Climate impact, according to one study, is far more limited than government action

Climate impact, according to one study, is far more limited than government action

According to a study published in the journal Nurse, government measures to combat the transmission of SARS-Cove-2 are five times more likely to be affected by temperature changes.

The study focused on the period from January to April 2020, which may help prevent variants or even vaccination campaigns from distorting the results. More than 400 cities or geographical regions from 26 countries were observed in both hemispheres. These institutions together accounted for 44% of all notices of virus infection during this period (according to data from Johns Hopkins University).

On the one hand, the researchers defined the effective regeneration rate (suitable for socio-cultural bias, density, GDP, etc.) and analyzed climate change (temperature, humidity, wind, sunlight, rainfall). They examined the impact of these climate changes on fertility rates and the impact of government measures (Oxford Covid-19 Government Response Track Assessed – OxCGRT).

A Also read: Closing shops? Schools? Prohibit assemblies? Here are the most effective targeted measures to combat Kovid-19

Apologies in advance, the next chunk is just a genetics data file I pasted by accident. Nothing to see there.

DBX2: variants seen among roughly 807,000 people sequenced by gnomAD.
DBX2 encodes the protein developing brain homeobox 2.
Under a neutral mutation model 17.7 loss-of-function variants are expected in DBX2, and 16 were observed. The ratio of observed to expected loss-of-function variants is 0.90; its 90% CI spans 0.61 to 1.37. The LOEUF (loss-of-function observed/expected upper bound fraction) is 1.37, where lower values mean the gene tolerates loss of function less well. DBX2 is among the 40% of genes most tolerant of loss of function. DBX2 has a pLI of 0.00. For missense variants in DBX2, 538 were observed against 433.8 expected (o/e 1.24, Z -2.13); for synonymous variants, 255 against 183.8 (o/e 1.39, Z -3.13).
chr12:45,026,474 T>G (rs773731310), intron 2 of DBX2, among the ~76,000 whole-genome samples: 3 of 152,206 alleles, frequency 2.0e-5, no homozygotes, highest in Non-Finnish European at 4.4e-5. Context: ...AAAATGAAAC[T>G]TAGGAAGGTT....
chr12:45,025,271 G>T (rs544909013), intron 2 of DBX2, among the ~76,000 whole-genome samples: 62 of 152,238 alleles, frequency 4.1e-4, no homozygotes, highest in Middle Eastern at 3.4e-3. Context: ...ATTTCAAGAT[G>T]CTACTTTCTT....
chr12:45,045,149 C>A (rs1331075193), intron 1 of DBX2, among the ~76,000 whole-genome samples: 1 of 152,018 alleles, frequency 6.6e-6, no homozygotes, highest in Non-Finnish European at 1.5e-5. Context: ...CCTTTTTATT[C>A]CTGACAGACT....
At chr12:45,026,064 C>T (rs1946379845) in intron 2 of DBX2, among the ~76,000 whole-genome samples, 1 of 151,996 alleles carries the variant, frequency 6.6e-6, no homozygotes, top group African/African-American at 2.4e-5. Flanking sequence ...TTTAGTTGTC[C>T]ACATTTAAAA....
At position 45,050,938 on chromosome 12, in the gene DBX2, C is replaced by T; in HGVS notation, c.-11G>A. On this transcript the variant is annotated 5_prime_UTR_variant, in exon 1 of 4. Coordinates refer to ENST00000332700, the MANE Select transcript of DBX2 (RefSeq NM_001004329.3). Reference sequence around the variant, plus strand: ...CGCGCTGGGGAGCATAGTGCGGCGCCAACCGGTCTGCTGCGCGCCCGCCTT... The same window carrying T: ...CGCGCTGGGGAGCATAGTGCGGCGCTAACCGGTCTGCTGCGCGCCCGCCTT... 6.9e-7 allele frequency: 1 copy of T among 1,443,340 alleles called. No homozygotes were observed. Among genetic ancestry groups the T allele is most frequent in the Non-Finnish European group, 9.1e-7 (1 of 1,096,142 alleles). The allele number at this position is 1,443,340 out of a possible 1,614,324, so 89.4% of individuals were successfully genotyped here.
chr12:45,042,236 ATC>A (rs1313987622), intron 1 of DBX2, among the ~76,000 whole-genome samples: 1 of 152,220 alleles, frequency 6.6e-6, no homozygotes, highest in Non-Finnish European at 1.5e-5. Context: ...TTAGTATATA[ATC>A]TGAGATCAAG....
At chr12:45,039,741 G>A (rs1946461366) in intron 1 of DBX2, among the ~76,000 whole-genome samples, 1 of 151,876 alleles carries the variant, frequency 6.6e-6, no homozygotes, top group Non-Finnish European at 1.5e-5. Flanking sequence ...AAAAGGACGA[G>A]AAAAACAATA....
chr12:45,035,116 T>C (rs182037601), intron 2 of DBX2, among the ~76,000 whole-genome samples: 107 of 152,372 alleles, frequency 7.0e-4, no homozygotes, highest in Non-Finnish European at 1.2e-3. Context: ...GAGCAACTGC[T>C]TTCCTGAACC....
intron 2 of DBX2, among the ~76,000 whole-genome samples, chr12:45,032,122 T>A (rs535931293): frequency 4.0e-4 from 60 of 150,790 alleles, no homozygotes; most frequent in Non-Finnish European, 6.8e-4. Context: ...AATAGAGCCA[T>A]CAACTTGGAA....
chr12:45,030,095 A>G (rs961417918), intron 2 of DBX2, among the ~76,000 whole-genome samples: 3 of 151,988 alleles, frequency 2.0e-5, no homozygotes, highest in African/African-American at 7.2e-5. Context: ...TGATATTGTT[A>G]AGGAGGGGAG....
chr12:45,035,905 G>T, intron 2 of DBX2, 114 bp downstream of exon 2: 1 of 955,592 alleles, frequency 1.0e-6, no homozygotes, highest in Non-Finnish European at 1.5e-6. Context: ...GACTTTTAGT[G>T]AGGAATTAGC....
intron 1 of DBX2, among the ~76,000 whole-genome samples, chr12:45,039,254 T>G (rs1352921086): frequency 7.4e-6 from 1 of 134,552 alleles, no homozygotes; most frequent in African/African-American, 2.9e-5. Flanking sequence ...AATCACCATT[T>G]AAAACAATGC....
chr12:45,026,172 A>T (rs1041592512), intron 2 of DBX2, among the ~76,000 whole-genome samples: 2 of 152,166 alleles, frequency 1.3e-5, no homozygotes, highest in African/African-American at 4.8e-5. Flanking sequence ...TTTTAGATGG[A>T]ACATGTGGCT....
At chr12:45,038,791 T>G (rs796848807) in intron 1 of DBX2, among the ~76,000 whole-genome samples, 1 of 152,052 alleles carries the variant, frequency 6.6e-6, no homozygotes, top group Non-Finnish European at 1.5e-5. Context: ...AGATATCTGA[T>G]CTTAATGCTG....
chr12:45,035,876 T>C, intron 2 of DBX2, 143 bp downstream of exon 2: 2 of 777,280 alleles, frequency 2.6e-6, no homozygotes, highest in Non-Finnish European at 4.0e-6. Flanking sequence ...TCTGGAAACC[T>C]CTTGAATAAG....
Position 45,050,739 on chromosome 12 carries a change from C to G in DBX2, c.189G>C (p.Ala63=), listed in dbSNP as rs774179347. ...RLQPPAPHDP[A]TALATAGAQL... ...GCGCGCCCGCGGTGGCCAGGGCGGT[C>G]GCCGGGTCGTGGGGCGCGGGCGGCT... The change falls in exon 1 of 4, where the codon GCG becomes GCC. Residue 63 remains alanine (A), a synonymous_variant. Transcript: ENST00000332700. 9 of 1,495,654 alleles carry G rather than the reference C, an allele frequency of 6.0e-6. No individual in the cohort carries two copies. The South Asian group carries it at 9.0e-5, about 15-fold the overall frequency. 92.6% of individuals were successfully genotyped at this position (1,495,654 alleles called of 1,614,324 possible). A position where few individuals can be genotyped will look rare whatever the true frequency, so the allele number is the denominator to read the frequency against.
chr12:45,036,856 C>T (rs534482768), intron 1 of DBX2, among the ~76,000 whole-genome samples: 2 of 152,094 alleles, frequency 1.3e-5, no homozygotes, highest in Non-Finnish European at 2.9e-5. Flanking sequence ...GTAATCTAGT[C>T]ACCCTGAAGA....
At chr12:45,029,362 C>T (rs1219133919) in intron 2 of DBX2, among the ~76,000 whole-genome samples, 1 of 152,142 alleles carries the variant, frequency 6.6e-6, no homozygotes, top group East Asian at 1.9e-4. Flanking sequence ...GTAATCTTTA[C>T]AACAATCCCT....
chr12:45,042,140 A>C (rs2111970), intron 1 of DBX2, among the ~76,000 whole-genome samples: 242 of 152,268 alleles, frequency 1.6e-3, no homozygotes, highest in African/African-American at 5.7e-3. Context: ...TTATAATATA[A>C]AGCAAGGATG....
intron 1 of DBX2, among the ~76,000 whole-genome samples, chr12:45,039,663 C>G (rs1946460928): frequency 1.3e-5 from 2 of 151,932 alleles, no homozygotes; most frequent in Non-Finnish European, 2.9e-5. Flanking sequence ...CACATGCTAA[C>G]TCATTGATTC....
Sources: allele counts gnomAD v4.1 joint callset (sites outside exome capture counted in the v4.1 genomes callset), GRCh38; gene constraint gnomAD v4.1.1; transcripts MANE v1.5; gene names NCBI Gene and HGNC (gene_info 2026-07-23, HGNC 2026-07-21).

Their work shows that temperature changes (+ 10 ° c), like humidity (2%), have a moderate effect on the reproduction rate (2.4%). No sunlight, no wind speed, no rain. According to the authors, the relationship between SARS-Cove-2 temperature, humidity, and transmission can be explained by three direct and indirect mechanisms: First, these variables limit the ability of the virus to survive on surfaces and aerosols. Second, the human immune system is modified over time (e.g., they are weak in terms of vitamin D deficiency or brightness), and eventually very low or very high temperatures can cause the population to spend more time. In limited spaces, this increases the chances of transmission.

See also  New mammal found in Africa: its nocturnal 'bark' disturbs

On the other hand, it comes out of the analysis of government measures that when the Oxford index goes from the minimum range to the maximum, it will affect the fertility rate by up to 13.8%.

Written By
More from Jake Pearson
NASA distributes glowing nebulae to help create the next generation of stars
On Friday, January 29, Hubble Telescope’s Instagram official Instagram account shared a...
Read More
Leave a comment

Your email address will not be published. Required fields are marked *